The differences between how these two populations have been managed are hazy at best. And while wolf populations in Idaho and Yellowstone have grown exponentially since 1995—the number of wolves in Idaho has increased from 35 to 260—wolf populations in northwest Montana have held steady since 1993, trending slightly upwards since 1998.
“The northwestern Montana wolves are supposed to receive the strongest ESA protection of the lot, but more of these wolves have been killed by federal agents than either of the other recovery areas,” says Joe Marvel of the Western Watersheds Project (WWP) in Hailey, Idaho. The group is considering a lawsuit against FWS over their handling of the Ninemile wolves in what they say is a violation of the ESA.
As of January, there were 170 wolves in northwest Montana, if you believe FWS numbers. In Ninemile, nobody agrees on how many wolves there are. Some residents would bet the ranch that there are at least 20, though FWS says there are no more than 13. In addition to the Ninemile wolves, there is a new pack in Fish Creek near Alberton, and speculation of new breeding pairs in Petty Creek and Six Mile as well.
In the last decade, the human population in Ninemile has nearly doubled, from 396 to about 650. Meanwhile, the Ninemile wolves have made themselves a part of the landscape. Some old timers don’t know who they hate more, the wolves or the new residents from out of state who love them. But one thing unites all Ninemile dwellers: the sound of howls through the valley at night. Some have seen wolves scurrying across the edge of a field. Others have seen wolves closer to home, sometimes attacking livestock or dogs. When wolves encounter dogs, swift death for the dog is the rule, and hybrid pups are a rare exception. Wolves hunt dogs for the same reason they hunt coyotes: competition within the canine niche.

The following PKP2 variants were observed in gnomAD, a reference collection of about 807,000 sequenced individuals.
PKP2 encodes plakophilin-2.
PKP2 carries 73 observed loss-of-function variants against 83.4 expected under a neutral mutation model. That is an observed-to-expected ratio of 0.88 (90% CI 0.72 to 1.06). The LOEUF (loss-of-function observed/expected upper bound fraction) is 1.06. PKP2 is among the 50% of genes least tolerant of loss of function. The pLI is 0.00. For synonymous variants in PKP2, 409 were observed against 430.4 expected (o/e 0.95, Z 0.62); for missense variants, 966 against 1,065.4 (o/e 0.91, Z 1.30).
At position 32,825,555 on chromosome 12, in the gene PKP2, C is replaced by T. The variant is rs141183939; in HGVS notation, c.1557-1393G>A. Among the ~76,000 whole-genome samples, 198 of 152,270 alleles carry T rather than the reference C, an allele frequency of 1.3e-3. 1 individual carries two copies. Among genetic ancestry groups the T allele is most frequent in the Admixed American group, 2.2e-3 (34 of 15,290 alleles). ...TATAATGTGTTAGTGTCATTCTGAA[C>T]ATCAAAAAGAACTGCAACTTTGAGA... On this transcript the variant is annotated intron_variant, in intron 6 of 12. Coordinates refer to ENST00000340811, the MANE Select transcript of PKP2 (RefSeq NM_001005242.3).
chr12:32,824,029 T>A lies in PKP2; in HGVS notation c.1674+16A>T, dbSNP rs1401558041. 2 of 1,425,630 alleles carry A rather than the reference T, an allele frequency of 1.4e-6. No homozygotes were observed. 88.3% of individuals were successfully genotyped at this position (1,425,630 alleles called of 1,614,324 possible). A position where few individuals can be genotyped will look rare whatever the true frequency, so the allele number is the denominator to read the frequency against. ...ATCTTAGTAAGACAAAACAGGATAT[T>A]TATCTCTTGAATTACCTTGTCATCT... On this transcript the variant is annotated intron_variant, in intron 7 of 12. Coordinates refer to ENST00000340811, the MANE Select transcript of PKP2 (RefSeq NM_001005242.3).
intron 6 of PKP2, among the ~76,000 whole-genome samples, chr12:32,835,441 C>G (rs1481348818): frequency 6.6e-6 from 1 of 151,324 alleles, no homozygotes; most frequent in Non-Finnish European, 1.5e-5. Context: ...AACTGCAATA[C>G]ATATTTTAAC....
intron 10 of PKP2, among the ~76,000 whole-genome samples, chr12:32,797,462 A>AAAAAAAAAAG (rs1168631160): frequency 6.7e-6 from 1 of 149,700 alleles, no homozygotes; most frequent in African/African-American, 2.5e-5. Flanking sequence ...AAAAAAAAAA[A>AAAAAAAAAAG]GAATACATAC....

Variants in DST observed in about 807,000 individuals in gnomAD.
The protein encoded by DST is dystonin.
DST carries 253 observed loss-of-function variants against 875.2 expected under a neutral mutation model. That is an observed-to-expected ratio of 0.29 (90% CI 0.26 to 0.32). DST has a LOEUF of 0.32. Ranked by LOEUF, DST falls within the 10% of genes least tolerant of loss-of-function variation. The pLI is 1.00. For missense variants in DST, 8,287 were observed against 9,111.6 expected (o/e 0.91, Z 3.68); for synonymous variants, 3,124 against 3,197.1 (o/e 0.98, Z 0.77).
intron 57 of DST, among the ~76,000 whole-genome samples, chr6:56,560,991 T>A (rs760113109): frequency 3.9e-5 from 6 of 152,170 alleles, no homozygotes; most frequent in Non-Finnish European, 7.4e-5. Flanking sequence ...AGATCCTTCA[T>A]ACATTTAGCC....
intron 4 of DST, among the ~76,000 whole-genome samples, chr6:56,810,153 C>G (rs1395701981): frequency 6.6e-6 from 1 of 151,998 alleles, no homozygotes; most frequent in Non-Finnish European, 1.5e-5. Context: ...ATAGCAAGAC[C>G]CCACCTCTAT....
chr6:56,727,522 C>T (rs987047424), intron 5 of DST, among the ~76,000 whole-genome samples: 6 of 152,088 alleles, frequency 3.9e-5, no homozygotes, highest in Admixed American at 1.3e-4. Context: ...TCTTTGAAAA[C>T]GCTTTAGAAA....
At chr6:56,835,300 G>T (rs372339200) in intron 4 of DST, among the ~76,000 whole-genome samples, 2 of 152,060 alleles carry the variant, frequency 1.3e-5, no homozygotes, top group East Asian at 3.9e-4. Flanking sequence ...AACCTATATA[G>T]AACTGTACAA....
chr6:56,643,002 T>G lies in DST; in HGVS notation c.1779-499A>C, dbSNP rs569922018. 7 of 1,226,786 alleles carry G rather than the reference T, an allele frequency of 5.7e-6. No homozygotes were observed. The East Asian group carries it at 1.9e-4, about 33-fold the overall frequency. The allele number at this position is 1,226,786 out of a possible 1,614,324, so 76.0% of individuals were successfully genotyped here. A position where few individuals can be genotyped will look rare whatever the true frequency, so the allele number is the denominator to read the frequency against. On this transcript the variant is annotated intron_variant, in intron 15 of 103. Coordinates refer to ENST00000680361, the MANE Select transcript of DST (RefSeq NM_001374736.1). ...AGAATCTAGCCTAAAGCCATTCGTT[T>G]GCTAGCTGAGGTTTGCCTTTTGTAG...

Ninemile resident John Schram had a dog named Athea, a 10-month-old black lab. On a March afternoon, Athea caught the scent of a female wolf. Barking, she chased the female wolf who slowly retreated across the field towards the edge of the woods. When she entered the woods, Athea found herself surrounded by the wolf pack, where she was torn to death.
Until recently, llamas were considered effective guardians against wolves. When llamas were attacked last year, there had never been a llama killed by a wolf in western Montana. For many ranchers, this new behavior is unsettling.
But others are angered that wolves are being slain for the sake of “hobby livestock,” such as llamas. “Llamas are from friggin’ South America,” says Paul Donaldson of Missoula. “They are exotic. It’s like bringing a monkey up here as a pet and then complaining when it freezes.”
The wolf tax